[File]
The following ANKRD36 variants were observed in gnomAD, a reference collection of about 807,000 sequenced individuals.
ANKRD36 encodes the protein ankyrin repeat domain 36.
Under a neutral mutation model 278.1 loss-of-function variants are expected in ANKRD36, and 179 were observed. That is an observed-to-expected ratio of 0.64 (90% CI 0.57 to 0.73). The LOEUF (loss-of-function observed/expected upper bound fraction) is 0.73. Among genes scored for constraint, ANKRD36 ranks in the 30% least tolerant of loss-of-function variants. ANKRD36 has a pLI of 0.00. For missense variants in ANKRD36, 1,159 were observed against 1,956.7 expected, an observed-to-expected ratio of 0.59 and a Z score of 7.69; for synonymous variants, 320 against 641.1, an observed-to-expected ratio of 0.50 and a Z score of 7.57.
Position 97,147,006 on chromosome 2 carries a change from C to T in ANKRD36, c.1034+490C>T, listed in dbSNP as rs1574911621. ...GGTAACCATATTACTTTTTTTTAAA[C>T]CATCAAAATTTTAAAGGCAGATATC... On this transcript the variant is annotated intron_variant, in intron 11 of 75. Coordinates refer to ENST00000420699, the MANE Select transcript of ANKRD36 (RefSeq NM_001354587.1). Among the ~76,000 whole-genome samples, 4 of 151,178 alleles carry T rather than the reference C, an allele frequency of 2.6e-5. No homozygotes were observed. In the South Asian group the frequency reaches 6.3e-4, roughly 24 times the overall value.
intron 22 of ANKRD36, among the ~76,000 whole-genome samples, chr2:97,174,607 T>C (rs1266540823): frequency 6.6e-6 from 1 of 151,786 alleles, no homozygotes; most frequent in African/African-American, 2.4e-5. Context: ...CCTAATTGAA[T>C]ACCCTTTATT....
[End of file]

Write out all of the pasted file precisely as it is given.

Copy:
The following ANKRD36 variants were observed in gnomAD, a reference collection of about 807,000 sequenced individuals.
ANKRD36 encodes the protein ankyrin repeat domain 36.
Under a neutral mutation model 278.1 loss-of-function variants are expected in ANKRD36, and 179 were observed. That is an observed-to-expected ratio of 0.64 (90% CI 0.57 to 0.73). The LOEUF (loss-of-function observed/expected upper bound fraction) is 0.73. Among genes scored for constraint, ANKRD36 ranks in the 30% least tolerant of loss-of-function variants. ANKRD36 has a pLI of 0.00. For missense variants in ANKRD36, 1,159 were observed against 1,956.7 expected, an observed-to-expected ratio of 0.59 and a Z score of 7.69; for synonymous variants, 320 against 641.1, an observed-to-expected ratio of 0.50 and a Z score of 7.57.
Position 97,147,006 on chromosome 2 carries a change from C to T in ANKRD36, c.1034+490C>T, listed in dbSNP as rs1574911621. ...GGTAACCATATTACTTTTTTTTAAA[C>T]CATCAAAATTTTAAAGGCAGATATC... On this transcript the variant is annotated intron_variant, in intron 11 of 75. Coordinates refer to ENST00000420699, the MANE Select transcript of ANKRD36 (RefSeq NM_001354587.1). Among the ~76,000 whole-genome samples, 4 of 151,178 alleles carry T rather than the reference C, an allele frequency of 2.6e-5. No homozygotes were observed. In the South Asian group the frequency reaches 6.3e-4, roughly 24 times the overall value.
intron 22 of ANKRD36, among the ~76,000 whole-genome samples, chr2:97,174,607 T>C (rs1266540823): frequency 6.6e-6 from 1 of 151,786 alleles, no homozygotes; most frequent in African/African-American, 2.4e-5. Context: ...CCTAATTGAA[T>C]ACCCTTTATT....